On 10 March, an official ceremony took place on the 2,900m high site   of the Atacama Large Millimeter/submillimeter Array (ALMA) Operations   Support Facility, from where the ALMA antennas will be remotely   controlled. The ceremony marked the completion of the structural   works, while the building itself will be finished by the end of the   year. This will become the operational centre of one of the most   important ground-based astronomical facilities on Earth.

The ceremony, known as ‘Tijerales’ in Chile, is the equivalent to the   ‘roof-topping ceremony’ that takes place worldwide, in one form or   another, to celebrate reaching the highest level of a construction.   It this case, the construction is the unique ALMA Operations Support   Facility (OSF), located near the town of San Pedro de Atacama.

“The end of this first stage represents an historic moment for ALMA,”   said Hans Rykaczewski, the European ALMA Project Manager. “Once   completed in December 2007, this monumental building of 7,000 square   metres will be one of the largest and most important astronomical   operation centres in the world.”

ALMA, located at an elevation of 5,000m in the Atacama Desert of   northern Chile, will provide astronomers with the world’s most   advanced tool for exploring the Universe at millimetre and   submillimetre wavelengths. ALMA will detect fainter objects and be   able to produce much higher-quality images at these wavelengths than   any previous telescope system.

The OSF buildings are designed to suit the requirements of this   exceptional observatory in a remote, desert location. The facility,   which will host about 100 people during operations, consists of three   main buildings: the technical building, hosting the control centre of   the observatory, the antenna assembly building, including four   antenna foundations for testing and maintenance purposes, and the   warehouse building, including mechanical workshops. Further secondary   buildings are the transporter shelters and the vehicle maintenance   facilities as well as the ALMA gate house. The construction started   in August 2006 and will be completed in December 2007.

The ceremony took place in the presence of representatives of the   regional authorities, members of the Chilean Parliament, and   representatives of the local community, including the mayor of San   Pedro, Ms. Sandra Berna, who joined more than 40 representatives of   ESO, NRAO and NAOJ – the organisations that are, together, building   ALMA.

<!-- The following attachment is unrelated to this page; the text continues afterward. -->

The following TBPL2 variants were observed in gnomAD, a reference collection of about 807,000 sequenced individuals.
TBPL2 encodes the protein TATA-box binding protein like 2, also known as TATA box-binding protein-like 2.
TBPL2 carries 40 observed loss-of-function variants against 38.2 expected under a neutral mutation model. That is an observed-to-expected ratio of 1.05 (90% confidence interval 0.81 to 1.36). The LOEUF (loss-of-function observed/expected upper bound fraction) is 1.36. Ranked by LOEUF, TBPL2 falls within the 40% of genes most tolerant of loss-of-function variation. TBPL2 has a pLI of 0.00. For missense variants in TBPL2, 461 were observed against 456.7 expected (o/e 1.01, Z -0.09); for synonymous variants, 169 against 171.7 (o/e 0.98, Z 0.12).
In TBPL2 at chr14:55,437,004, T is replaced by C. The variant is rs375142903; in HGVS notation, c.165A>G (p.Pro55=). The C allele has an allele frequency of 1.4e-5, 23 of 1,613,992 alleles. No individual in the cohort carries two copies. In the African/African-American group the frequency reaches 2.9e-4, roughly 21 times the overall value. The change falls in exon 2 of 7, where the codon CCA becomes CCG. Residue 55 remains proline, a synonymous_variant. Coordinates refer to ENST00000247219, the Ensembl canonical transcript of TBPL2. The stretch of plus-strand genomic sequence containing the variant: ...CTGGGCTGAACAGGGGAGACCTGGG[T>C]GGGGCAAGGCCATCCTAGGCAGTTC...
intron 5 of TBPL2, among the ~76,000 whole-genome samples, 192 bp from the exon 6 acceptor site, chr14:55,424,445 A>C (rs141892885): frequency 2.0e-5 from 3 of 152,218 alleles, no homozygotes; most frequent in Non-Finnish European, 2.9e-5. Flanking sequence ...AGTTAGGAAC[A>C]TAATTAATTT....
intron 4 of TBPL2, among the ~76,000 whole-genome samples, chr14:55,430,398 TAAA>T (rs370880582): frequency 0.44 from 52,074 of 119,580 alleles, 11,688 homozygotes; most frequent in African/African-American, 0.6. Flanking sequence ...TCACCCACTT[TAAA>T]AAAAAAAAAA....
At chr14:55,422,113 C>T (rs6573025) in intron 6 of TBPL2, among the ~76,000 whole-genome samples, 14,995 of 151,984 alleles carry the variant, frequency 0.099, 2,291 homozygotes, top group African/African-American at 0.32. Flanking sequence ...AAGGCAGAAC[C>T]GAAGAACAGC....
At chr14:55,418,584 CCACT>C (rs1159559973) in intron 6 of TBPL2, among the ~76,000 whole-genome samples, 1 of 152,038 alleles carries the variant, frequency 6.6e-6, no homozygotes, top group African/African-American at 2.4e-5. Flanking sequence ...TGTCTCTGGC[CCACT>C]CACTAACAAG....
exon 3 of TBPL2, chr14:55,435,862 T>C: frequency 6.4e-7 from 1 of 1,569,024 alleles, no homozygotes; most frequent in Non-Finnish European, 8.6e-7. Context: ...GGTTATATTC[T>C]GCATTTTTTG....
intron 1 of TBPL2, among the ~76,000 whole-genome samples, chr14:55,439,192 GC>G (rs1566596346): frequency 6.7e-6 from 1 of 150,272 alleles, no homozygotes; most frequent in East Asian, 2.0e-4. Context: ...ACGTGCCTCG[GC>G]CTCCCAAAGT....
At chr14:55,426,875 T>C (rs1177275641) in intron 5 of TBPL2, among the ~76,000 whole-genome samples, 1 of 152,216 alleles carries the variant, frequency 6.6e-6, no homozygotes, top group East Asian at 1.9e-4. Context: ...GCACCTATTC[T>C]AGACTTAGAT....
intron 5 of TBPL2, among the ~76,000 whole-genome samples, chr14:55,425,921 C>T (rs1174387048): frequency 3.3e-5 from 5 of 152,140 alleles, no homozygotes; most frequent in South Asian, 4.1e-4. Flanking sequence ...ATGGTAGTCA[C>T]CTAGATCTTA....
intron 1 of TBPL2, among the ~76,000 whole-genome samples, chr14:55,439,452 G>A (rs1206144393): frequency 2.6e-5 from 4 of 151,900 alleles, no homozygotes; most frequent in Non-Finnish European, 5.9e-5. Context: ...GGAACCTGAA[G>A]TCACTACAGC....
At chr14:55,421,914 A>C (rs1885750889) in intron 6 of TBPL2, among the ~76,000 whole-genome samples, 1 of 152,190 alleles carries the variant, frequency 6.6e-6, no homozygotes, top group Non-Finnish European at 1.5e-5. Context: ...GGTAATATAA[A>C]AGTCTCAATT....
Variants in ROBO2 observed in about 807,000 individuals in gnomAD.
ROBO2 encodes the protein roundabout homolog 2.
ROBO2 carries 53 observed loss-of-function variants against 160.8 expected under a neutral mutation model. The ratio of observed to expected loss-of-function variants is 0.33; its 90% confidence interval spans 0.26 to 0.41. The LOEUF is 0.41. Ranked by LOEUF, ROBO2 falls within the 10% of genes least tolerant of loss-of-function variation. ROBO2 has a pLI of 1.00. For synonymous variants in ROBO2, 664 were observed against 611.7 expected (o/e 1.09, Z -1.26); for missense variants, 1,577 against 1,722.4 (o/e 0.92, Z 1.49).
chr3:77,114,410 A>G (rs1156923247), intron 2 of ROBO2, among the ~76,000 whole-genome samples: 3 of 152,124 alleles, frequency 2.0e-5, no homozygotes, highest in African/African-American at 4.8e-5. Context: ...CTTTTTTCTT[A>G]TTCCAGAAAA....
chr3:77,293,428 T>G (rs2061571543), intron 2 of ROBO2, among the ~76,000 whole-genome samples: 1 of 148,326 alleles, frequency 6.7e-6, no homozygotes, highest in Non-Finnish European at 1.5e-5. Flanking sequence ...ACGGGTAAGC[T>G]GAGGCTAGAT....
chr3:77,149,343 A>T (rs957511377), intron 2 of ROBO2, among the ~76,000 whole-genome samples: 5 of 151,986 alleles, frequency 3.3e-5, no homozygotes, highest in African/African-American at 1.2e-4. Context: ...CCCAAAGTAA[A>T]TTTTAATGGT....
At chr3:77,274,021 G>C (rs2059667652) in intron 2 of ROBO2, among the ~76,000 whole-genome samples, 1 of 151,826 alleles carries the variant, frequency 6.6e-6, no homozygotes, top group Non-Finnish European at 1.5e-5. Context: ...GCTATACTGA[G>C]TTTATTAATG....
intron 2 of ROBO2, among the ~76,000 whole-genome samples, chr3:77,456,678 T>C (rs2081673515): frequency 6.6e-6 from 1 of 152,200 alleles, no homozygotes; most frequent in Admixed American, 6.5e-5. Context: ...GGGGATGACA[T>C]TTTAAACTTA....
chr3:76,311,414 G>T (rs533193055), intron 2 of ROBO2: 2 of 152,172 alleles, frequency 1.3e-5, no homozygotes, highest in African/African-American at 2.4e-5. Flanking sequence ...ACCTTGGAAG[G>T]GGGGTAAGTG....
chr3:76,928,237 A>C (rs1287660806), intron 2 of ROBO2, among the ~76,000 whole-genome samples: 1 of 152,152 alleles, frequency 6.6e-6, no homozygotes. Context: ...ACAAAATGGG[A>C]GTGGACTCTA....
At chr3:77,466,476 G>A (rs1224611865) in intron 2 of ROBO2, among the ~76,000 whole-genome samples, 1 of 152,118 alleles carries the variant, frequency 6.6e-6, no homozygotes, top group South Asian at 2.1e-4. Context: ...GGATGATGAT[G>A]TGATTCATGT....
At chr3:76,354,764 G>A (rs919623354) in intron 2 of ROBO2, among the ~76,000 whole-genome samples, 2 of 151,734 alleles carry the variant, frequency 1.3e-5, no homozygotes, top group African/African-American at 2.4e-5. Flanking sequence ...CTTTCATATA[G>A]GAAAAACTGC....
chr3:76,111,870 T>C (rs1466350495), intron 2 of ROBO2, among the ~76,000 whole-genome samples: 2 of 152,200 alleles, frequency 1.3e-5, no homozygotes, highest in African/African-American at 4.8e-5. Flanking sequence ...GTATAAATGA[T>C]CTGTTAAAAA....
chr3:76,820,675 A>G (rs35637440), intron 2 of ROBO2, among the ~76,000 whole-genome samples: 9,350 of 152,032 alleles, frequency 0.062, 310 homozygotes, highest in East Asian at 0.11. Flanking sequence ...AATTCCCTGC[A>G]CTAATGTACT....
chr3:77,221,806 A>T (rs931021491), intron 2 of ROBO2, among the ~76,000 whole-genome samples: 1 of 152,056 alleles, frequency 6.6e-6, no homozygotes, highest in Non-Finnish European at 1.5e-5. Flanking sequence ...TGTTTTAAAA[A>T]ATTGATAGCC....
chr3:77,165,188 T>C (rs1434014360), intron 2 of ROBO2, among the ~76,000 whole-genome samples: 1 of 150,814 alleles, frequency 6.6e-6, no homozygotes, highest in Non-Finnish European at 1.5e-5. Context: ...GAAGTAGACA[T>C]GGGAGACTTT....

“This is certainly a big step in the realisation of the ALMA Project.   The completion of this facility will be essential for assembly,   testing and adjustment as well as operation and maintenance of all   ALMA antennas from Europe, North America and from Japan,” said   Ryusuke Ogasawara, the representative of NAOJ in Chile.

“This is a tremendous achievement and represents a major milestone   for the ALMA project,” said Adrian Russell, North American Project   Manager for ALMA.

The first ALMA antennas, the prototypes of which successfully   achieved their first combined astronomical observation last week, are   expected to arrive at the ALMA site in a few months. These huge   antennas will travel in pieces from Europe, USA and Japan and will be   assembled next to the OSF building.

The Atacama Large Millimeter/submillimeter Array (ALMA), an   international astronomy facility, is a partnership among Europe,   Japan and North America, in cooperation with the Republic of Chile.   ALMA is funded in Europe by the European Organisation for   Astronomical Research in the Southern Hemisphere, in Japan by the   National Institutes of Natural Sciences (NINS) in cooperation with   the Academia Sinica in Taiwan and in North America by the U.S.   National Science Foundation (NSF) in cooperation with the National   Research Council of Canada (NRC). ALMA construction and operations   are led on behalf of Europe by ESO, on behalf of Japan by the   National Astronomical Observatory of Japan (NAOJ) and on behalf of   North America by the National Radio Astronomy Observatory (NRAO),   which is managed by Associated Universities, Inc. (AUI).

High resolution images are available at